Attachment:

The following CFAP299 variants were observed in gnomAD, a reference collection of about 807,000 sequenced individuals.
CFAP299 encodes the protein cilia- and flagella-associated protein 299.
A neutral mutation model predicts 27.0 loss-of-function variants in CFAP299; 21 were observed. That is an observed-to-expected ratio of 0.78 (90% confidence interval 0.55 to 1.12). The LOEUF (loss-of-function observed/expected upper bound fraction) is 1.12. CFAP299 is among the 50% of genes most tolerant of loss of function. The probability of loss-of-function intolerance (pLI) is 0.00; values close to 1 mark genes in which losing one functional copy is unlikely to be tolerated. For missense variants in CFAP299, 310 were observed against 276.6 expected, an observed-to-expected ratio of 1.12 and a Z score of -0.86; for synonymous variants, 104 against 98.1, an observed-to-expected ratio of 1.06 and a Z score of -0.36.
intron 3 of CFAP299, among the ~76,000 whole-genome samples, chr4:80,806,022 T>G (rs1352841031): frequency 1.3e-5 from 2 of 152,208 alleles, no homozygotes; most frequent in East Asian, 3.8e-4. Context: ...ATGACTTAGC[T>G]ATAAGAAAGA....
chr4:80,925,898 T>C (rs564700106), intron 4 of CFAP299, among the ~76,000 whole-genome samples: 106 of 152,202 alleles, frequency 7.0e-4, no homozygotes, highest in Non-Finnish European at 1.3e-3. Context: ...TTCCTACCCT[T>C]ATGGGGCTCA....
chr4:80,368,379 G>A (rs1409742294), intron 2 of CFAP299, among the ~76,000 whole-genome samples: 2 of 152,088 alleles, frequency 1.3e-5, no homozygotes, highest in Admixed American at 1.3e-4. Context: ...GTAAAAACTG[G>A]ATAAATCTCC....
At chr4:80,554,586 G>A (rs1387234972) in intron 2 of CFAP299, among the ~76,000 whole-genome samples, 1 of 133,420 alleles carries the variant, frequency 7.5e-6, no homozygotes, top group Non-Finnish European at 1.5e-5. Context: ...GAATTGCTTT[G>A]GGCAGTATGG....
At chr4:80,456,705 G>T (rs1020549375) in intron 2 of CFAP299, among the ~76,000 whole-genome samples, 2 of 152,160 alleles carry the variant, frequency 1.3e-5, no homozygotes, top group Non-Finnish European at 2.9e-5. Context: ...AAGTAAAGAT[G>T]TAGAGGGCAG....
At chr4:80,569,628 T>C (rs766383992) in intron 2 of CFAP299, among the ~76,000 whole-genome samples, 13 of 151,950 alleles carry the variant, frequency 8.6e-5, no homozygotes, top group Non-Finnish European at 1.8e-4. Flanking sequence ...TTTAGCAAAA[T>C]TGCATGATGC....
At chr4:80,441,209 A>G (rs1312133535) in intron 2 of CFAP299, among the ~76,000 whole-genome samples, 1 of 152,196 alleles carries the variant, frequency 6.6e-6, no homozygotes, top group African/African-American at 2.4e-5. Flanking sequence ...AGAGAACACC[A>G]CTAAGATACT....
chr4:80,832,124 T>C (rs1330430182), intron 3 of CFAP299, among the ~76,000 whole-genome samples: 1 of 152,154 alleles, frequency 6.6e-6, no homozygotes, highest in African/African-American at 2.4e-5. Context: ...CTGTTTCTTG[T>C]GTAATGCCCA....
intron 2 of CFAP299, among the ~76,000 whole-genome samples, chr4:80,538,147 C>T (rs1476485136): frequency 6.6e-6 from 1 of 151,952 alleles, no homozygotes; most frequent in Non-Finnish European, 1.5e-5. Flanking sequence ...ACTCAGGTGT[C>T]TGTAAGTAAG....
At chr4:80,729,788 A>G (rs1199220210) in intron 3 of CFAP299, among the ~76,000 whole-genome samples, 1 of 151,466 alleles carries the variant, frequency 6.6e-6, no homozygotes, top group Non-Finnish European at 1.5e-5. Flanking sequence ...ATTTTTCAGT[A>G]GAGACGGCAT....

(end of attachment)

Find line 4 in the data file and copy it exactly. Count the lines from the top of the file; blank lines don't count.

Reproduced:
intron 3 of CFAP299, among the ~76,000 whole-genome samples, chr4:80,806,022 T>G (rs1352841031): frequency 1.3e-5 from 2 of 152,208 alleles, no homozygotes; most frequent in East Asian, 3.8e-4. Context: ...ATGACTTAGC[T>G]ATAAGAAAGA....